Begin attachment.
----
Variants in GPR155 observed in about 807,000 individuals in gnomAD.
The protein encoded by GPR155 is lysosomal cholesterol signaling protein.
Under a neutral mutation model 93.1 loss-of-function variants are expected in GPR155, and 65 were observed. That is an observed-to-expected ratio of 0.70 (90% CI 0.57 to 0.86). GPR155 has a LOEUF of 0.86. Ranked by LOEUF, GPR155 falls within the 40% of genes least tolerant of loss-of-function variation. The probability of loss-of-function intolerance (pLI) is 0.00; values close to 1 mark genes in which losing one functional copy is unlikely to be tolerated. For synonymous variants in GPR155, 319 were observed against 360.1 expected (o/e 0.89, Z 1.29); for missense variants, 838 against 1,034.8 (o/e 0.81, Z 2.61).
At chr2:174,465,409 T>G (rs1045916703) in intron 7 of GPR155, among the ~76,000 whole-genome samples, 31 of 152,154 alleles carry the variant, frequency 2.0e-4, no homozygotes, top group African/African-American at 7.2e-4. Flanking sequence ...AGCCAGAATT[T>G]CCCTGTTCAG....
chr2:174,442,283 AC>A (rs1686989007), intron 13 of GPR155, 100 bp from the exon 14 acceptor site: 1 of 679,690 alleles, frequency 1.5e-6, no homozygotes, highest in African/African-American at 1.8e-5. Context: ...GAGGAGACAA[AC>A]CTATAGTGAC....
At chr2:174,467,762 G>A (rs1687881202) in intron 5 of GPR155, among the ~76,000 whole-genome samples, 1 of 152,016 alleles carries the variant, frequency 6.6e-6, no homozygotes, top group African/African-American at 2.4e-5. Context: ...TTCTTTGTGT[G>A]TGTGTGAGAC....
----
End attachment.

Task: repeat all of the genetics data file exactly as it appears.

Variants in GPR155 observed in about 807,000 individuals in gnomAD.
The protein encoded by GPR155 is lysosomal cholesterol signaling protein.
Under a neutral mutation model 93.1 loss-of-function variants are expected in GPR155, and 65 were observed. That is an observed-to-expected ratio of 0.70 (90% CI 0.57 to 0.86). GPR155 has a LOEUF of 0.86. Ranked by LOEUF, GPR155 falls within the 40% of genes least tolerant of loss-of-function variation. The probability of loss-of-function intolerance (pLI) is 0.00; values close to 1 mark genes in which losing one functional copy is unlikely to be tolerated. For synonymous variants in GPR155, 319 were observed against 360.1 expected (o/e 0.89, Z 1.29); for missense variants, 838 against 1,034.8 (o/e 0.81, Z 2.61).
At chr2:174,465,409 T>G (rs1045916703) in intron 7 of GPR155, among the ~76,000 whole-genome samples, 31 of 152,154 alleles carry the variant, frequency 2.0e-4, no homozygotes, top group African/African-American at 7.2e-4. Flanking sequence ...AGCCAGAATT[T>G]CCCTGTTCAG....
chr2:174,442,283 AC>A (rs1686989007), intron 13 of GPR155, 100 bp from the exon 14 acceptor site: 1 of 679,690 alleles, frequency 1.5e-6, no homozygotes, highest in African/African-American at 1.8e-5. Context: ...GAGGAGACAA[AC>A]CTATAGTGAC....
At chr2:174,467,762 G>A (rs1687881202) in intron 5 of GPR155, among the ~76,000 whole-genome samples, 1 of 152,016 alleles carries the variant, frequency 6.6e-6, no homozygotes, top group African/African-American at 2.4e-5. Context: ...TTCTTTGTGT[G>A]TGTGTGAGAC....